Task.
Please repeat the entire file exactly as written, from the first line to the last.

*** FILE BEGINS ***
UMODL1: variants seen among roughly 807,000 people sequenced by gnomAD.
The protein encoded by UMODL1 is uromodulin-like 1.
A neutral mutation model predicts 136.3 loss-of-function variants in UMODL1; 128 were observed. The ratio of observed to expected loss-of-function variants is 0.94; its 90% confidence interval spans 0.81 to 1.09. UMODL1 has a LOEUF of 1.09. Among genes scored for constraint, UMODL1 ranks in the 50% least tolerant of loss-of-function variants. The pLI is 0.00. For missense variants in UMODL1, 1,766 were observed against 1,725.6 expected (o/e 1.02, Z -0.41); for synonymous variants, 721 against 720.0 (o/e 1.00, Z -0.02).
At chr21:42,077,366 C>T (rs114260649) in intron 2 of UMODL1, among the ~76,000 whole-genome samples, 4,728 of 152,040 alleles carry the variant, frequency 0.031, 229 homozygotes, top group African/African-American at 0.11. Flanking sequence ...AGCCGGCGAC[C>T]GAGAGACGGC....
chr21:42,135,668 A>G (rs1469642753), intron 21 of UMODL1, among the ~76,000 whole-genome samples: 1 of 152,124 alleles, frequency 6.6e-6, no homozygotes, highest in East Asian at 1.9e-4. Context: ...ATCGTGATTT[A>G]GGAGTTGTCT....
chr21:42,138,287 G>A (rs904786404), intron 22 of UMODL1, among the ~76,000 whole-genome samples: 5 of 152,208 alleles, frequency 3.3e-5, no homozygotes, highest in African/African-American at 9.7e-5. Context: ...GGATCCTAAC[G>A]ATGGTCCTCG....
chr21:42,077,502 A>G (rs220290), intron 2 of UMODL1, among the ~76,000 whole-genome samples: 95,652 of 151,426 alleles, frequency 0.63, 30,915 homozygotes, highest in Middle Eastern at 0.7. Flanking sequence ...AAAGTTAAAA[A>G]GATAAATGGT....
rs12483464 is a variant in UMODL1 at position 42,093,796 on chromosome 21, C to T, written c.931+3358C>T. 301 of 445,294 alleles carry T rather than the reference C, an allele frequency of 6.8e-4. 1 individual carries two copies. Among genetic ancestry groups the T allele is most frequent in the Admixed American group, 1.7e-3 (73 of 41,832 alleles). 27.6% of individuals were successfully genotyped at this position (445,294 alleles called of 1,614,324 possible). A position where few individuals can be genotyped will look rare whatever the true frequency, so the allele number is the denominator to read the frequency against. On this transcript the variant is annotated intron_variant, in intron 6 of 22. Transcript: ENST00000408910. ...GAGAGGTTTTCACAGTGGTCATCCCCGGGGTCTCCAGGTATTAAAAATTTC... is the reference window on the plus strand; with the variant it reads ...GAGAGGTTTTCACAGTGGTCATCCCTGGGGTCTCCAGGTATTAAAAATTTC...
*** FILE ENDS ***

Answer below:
UMODL1: variants seen among roughly 807,000 people sequenced by gnomAD.
The protein encoded by UMODL1 is uromodulin-like 1.
A neutral mutation model predicts 136.3 loss-of-function variants in UMODL1; 128 were observed. The ratio of observed to expected loss-of-function variants is 0.94; its 90% confidence interval spans 0.81 to 1.09. UMODL1 has a LOEUF of 1.09. Among genes scored for constraint, UMODL1 ranks in the 50% least tolerant of loss-of-function variants. The pLI is 0.00. For missense variants in UMODL1, 1,766 were observed against 1,725.6 expected (o/e 1.02, Z -0.41); for synonymous variants, 721 against 720.0 (o/e 1.00, Z -0.02).
At chr21:42,077,366 C>T (rs114260649) in intron 2 of UMODL1, among the ~76,000 whole-genome samples, 4,728 of 152,040 alleles carry the variant, frequency 0.031, 229 homozygotes, top group African/African-American at 0.11. Flanking sequence ...AGCCGGCGAC[C>T]GAGAGACGGC....
chr21:42,135,668 A>G (rs1469642753), intron 21 of UMODL1, among the ~76,000 whole-genome samples: 1 of 152,124 alleles, frequency 6.6e-6, no homozygotes, highest in East Asian at 1.9e-4. Context: ...ATCGTGATTT[A>G]GGAGTTGTCT....
chr21:42,138,287 G>A (rs904786404), intron 22 of UMODL1, among the ~76,000 whole-genome samples: 5 of 152,208 alleles, frequency 3.3e-5, no homozygotes, highest in African/African-American at 9.7e-5. Context: ...GGATCCTAAC[G>A]ATGGTCCTCG....
chr21:42,077,502 A>G (rs220290), intron 2 of UMODL1, among the ~76,000 whole-genome samples: 95,652 of 151,426 alleles, frequency 0.63, 30,915 homozygotes, highest in Middle Eastern at 0.7. Flanking sequence ...AAAGTTAAAA[A>G]GATAAATGGT....
rs12483464 is a variant in UMODL1 at position 42,093,796 on chromosome 21, C to T, written c.931+3358C>T. 301 of 445,294 alleles carry T rather than the reference C, an allele frequency of 6.8e-4. 1 individual carries two copies. Among genetic ancestry groups the T allele is most frequent in the Admixed American group, 1.7e-3 (73 of 41,832 alleles). 27.6% of individuals were successfully genotyped at this position (445,294 alleles called of 1,614,324 possible). A position where few individuals can be genotyped will look rare whatever the true frequency, so the allele number is the denominator to read the frequency against. On this transcript the variant is annotated intron_variant, in intron 6 of 22. Transcript: ENST00000408910. ...GAGAGGTTTTCACAGTGGTCATCCCCGGGGTCTCCAGGTATTAAAAATTTC... is the reference window on the plus strand; with the variant it reads ...GAGAGGTTTTCACAGTGGTCATCCCTGGGGTCTCCAGGTATTAAAAATTTC...